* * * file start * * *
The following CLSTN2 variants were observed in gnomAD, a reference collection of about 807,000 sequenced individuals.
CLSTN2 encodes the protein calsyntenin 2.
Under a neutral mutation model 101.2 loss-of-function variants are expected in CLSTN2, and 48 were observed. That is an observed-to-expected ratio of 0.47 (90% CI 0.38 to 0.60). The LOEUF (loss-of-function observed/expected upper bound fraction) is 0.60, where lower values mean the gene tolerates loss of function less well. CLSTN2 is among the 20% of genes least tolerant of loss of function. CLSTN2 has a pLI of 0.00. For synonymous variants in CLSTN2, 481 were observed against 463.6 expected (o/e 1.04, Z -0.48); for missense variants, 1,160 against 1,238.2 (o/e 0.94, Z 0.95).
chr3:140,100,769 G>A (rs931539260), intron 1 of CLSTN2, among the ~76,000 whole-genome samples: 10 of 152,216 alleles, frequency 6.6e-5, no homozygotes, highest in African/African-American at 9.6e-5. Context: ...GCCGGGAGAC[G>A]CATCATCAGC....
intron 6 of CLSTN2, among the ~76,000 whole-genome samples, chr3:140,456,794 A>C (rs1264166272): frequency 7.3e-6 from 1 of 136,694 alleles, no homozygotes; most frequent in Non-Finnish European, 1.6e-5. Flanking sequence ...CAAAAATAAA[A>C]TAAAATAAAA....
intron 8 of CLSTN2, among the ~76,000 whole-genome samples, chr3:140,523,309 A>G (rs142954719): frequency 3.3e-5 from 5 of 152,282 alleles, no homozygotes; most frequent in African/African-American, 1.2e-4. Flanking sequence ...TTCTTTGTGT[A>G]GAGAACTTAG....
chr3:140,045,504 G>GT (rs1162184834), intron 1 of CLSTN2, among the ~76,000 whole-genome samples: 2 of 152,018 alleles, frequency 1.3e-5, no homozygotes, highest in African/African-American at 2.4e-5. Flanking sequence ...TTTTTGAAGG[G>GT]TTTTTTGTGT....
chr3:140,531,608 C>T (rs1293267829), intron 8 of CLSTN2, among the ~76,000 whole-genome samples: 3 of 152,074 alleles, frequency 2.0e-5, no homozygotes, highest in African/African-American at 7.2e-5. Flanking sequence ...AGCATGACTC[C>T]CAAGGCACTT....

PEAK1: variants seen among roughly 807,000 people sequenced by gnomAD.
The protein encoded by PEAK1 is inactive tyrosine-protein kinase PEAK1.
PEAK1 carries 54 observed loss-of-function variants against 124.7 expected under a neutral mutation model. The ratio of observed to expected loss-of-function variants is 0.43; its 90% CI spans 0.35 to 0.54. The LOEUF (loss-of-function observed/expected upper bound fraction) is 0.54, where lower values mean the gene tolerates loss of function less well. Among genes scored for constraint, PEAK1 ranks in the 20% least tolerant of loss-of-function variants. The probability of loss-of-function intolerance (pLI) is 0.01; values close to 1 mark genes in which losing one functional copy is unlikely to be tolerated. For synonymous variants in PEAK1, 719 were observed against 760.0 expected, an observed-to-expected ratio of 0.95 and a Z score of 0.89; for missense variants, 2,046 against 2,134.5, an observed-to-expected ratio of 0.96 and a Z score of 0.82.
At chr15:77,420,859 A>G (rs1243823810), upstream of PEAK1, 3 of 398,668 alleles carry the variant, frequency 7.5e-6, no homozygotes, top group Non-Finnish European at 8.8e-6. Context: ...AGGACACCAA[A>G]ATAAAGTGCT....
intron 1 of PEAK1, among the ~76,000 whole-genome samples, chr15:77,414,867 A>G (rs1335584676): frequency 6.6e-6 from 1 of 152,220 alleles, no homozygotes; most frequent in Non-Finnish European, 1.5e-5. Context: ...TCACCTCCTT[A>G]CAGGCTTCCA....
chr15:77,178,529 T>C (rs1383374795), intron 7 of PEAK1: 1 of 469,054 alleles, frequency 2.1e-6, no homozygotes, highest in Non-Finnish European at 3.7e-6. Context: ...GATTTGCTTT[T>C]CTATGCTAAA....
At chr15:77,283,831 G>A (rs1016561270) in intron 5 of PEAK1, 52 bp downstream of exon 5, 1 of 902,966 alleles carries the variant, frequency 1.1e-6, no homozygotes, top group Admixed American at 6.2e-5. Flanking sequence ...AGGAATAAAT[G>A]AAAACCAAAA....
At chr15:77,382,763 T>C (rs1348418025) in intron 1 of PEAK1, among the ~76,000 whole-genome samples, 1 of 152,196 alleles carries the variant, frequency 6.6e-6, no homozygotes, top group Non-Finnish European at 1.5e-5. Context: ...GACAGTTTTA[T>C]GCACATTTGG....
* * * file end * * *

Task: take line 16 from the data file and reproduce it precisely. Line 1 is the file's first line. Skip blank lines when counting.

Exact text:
At chr15:77,382,763 T>C (rs1348418025) in intron 1 of PEAK1, among the ~76,000 whole-genome samples, 1 of 152,196 alleles carries the variant, frequency 6.6e-6, no homozygotes, top group Non-Finnish European at 1.5e-5. Context: ...GACAGTTTTA[T>C]GCACATTTGG....